Pandemic issues - defining success

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Pandemic issues - defining success

Postby Faradave on November 5th, 2020, 5:43 pm 

toucana wrote:This was underlined by another AP votecast poll today, which said that only 4 in 10 voters regarded the pandemic as their ‘top concern’.
I've tried several times to make myself afraid of covid and failed. People die everyday. There's still work to be done. If myriad essential workers have to face up to that, the so shall I.

Part of flattening the curve means that different states must peak at different times, and a prolonged propagation through the population at large. What you're seeing is a sign that we've succeeded. The alternative is every body who's going to, gets sick in March. Not a pretty picture.

That's not to say I have no respect for covid. I still consider it a valuable fire drill for whatever nature (or an enemy) might care to hurl at us next. A lot of kinks have been worked out of the systems.
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Re: Biden Win Projected In Michigan

Postby toucana on November 5th, 2020, 7:16 pm 

Faradave wrote:
Part of flattening the curve means that different states must peak at different times, and a prolonged propagation through the population at large. What you're seeing is a sign that we've succeeded.

Succeeded in what exactly ?

The U.S. just reported 103,087 new daily coronavirus infections on Wednesday, setting a single-day record for cases, according to data from the COVID Tracking Project.

https://www.axios.com/record-cases-coro ... c4e0e.html

It’s the first time the U.S. has reported over 100,000 new cases in a single day, and it can’t be written off as an artifact of testing either, as hospitalisations are increasing at a significantly higher rate than the number of tests being carried out.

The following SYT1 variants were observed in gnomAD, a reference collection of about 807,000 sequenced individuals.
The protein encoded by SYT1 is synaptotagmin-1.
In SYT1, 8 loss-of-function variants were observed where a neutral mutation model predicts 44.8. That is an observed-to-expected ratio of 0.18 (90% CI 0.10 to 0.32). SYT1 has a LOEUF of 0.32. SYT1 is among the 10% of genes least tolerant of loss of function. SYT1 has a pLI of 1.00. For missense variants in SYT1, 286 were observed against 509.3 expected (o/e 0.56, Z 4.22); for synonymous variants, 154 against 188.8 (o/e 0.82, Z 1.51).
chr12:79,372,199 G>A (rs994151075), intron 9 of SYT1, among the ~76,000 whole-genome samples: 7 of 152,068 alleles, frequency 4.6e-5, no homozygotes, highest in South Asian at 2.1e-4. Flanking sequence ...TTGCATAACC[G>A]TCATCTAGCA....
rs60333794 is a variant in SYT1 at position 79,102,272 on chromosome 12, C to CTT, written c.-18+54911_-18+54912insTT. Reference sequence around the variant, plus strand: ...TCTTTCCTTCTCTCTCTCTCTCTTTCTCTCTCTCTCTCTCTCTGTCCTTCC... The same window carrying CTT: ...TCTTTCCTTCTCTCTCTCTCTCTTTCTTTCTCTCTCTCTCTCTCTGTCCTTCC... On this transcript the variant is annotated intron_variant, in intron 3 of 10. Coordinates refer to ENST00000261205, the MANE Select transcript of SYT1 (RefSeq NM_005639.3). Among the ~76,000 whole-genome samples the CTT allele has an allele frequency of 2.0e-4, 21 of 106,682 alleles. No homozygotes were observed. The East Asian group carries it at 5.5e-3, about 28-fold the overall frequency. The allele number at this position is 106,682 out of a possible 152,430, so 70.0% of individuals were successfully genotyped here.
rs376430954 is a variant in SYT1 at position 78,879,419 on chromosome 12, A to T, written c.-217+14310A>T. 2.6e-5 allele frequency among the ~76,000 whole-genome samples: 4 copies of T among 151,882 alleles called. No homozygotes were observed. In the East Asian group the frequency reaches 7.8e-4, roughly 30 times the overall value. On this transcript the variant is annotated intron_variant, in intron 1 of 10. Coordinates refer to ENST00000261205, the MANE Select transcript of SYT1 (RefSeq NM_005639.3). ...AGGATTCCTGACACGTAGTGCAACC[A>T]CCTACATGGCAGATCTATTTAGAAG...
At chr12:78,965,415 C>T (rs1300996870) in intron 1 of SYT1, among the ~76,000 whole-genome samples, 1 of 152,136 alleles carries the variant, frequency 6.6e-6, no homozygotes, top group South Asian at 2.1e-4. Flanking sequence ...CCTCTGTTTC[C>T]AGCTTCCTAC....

Taking a look at the wider picture, the U.S.A has around 4% of the world’s population, but has consistently reported over 25% of the known Coronavirus infections in the world .

https://edition.cnn.com/2020/06/30/heal ... index.html

If that’s a success, then I hate to imagine what a failure looks like.
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Re: Biden Win Projected In Michigan

Postby TheVat on November 5th, 2020, 7:56 pm 

A bit off-topic so I will move those two posts over next to the covid threads in science news.

I don't see any need to be fearful of covid, if public health policy gives priority to reasonable and well-demonstrated measures like masks, social distance, crowd limits, ventilation, etc. If you look at nations where such measures were implemented and a spirit of civic duty imparted by good leadership, the contrast is pretty obvious.
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Re: Biden Win Projected In Michigan

Postby Serpent on November 5th, 2020, 7:59 pm 

And people who have previously recovered are getting er-infected -- possibly with an even more aggressive iteration of the virus -- so herd immunity's pretty much off the table. But, hey, what's a few hundred thousand dead people compared to a decline in the stock market?
Vaccine is the only hope, and the first effective one may be coming from





China .